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New Samsung chief expects ‘tough year’ for handsets in 2016, but no major changes needed


Just a few days ago, Samsung replaced the head of its mobile division; removing JK Shin and replacing him with Koh Dong-jin. In his first interview as mobile division chief, Koh stated that he’s expecting 2016 to be a tough year for handset sales, but still believes that no major changes are needed just yet…

Although Koh believes that “no organizational overhaul” is required, it’s still very telling that Samsung opted to bring him in to take JK Shin’s place as the new head of mobile. Clearly a shift in focus is required as more, smaller companies keep flooding the market with inexpensive, but competitive, smartphones. Samsung is yet to adopt that approach, and still seemingly considers expensive, high-powered flagships as the best strategy.

As a result of multiple companies competing at the low end, and Apple dominating the high end, Samsung is left somewhere in the middle. Despite dominating global smartphone shipments this year, the company’s financial performance is dropping and its growth is stagnating.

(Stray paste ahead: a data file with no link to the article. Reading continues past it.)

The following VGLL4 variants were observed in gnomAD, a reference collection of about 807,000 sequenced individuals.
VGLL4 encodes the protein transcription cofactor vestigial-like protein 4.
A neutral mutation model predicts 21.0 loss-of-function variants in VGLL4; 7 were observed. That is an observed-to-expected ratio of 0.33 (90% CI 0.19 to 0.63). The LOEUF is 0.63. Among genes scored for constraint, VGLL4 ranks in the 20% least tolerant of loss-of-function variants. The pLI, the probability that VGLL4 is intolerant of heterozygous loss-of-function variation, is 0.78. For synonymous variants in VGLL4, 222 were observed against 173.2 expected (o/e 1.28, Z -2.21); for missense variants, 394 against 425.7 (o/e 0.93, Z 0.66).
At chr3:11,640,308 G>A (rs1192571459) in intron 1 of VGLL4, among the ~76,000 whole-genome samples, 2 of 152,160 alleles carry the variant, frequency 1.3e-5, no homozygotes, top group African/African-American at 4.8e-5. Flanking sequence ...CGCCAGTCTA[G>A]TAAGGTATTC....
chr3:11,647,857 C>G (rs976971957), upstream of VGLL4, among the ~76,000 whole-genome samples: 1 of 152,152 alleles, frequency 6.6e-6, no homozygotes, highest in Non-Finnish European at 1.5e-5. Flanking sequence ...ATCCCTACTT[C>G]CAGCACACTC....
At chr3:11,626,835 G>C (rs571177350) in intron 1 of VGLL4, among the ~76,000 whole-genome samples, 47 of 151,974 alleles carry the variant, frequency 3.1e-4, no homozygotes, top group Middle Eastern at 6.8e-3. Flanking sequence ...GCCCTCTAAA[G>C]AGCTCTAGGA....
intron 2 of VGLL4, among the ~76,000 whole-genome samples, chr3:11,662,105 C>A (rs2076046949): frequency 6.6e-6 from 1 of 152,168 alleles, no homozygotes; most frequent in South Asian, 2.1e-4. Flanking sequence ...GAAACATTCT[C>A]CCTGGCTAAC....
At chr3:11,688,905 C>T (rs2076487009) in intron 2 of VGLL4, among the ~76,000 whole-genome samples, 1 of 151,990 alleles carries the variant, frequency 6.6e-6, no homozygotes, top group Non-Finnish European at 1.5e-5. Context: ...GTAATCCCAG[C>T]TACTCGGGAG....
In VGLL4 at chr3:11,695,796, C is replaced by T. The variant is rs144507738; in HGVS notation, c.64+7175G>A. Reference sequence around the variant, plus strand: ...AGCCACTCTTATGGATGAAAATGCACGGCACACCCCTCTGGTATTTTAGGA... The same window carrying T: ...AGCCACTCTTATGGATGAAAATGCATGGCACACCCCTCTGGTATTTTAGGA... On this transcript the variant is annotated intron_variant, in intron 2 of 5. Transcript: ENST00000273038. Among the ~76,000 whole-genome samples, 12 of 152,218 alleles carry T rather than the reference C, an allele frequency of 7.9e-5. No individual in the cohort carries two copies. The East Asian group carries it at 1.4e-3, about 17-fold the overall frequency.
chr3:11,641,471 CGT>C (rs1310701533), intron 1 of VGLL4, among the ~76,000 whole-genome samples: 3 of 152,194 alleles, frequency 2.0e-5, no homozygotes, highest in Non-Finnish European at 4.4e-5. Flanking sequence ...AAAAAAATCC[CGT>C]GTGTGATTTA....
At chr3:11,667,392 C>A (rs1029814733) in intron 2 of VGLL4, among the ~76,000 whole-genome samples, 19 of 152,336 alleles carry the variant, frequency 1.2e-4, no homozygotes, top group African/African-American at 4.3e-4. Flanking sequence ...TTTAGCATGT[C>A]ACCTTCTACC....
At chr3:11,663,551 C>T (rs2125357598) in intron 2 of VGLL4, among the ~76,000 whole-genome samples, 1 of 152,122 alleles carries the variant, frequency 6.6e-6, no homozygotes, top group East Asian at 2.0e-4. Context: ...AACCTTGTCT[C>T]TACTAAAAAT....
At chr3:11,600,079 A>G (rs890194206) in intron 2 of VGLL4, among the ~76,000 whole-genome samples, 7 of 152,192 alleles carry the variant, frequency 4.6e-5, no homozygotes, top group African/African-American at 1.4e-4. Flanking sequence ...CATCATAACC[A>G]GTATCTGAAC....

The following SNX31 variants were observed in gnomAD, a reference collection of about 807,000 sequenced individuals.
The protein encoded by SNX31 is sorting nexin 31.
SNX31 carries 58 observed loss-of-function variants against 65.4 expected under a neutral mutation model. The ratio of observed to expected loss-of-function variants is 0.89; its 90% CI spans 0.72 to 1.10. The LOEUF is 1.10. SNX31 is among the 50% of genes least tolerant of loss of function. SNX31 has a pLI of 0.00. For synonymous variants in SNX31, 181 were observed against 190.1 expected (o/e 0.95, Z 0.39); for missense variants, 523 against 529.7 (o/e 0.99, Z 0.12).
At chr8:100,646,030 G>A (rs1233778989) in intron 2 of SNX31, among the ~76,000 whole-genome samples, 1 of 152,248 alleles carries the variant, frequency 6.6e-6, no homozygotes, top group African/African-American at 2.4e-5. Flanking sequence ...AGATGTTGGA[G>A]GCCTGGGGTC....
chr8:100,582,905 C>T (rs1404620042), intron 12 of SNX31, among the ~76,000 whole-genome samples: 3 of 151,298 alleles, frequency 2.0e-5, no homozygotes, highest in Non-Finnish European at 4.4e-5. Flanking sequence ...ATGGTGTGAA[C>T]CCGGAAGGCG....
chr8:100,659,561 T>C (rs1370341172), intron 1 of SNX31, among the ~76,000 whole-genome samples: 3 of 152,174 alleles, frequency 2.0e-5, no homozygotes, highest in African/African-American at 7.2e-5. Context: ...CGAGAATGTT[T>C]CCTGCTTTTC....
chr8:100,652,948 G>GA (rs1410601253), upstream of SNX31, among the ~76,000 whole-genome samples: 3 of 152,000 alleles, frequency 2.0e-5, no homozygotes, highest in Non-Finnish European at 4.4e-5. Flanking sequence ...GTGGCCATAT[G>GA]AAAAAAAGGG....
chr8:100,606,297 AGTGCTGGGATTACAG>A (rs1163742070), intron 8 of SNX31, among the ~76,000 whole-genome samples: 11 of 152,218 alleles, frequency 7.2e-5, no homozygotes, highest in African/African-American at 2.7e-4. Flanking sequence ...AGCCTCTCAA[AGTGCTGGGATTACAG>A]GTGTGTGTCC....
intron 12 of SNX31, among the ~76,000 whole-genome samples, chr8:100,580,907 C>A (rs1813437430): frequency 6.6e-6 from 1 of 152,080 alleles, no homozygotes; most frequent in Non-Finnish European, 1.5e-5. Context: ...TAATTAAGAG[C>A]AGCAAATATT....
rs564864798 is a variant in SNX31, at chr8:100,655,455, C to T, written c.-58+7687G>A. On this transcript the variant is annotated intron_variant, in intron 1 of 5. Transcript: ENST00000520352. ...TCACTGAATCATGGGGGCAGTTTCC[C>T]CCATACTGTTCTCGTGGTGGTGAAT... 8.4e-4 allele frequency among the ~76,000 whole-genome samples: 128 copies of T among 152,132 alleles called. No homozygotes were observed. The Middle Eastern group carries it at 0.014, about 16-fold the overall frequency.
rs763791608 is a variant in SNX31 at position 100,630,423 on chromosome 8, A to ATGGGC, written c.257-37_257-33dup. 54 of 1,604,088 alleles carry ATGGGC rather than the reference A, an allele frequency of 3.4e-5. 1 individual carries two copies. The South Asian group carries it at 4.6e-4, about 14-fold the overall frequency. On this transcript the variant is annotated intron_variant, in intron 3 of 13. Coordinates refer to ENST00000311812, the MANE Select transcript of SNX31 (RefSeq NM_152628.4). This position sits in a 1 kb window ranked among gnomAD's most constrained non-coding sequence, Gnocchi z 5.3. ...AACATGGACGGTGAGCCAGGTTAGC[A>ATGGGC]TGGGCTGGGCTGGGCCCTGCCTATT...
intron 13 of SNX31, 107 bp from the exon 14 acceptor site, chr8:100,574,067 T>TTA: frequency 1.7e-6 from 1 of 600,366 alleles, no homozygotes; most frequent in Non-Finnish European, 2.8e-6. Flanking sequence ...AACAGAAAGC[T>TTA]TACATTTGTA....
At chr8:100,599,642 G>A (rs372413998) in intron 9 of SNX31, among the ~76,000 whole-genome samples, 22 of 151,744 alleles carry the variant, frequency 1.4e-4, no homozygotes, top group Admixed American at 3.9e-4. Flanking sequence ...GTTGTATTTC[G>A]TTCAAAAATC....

Koh’s background in hardware design and engineering is a big part of his promotion to chief of mobile. It’s said that his focus will be on hardware. According to one Samsung spokesperson (reported by Korea Times), “Ko’s strengths are depth of experience and knowledge in hardware-centric arena, meaning Samsung Electronics will focus more on the hardware-driven path.”

The new president made his comments after a meeting with the company’s group heads in Seoul. Needless to say, reporters were keen to get any information on the upcoming Galaxy S7. Koh neither confirmed nor denied rumors that it would launch the next flagship smartphone ahead of schedule.

The S7 could very much be a make or break device for Samsung. If it fails to bring further growth and success to the Korean tech giant, one would assume that a drastic shift in strategy is required. Companies like Huawei are catching up fast with Sammy, and will only continue to succeed while they can afford to build great products at low prices. We could argue that Samsung really needs to turn its attention to the Chinese market, where the likes of Xiaomi and Huawei are dominating, and where Apple’s influence is steadily growing.

If the S7 fails to sell as Samsung would like it to, it may force the company to completely change the structure of its company, and streamlining its mobile executive team as it seeks to fend off the effects of slowing growth and sales.

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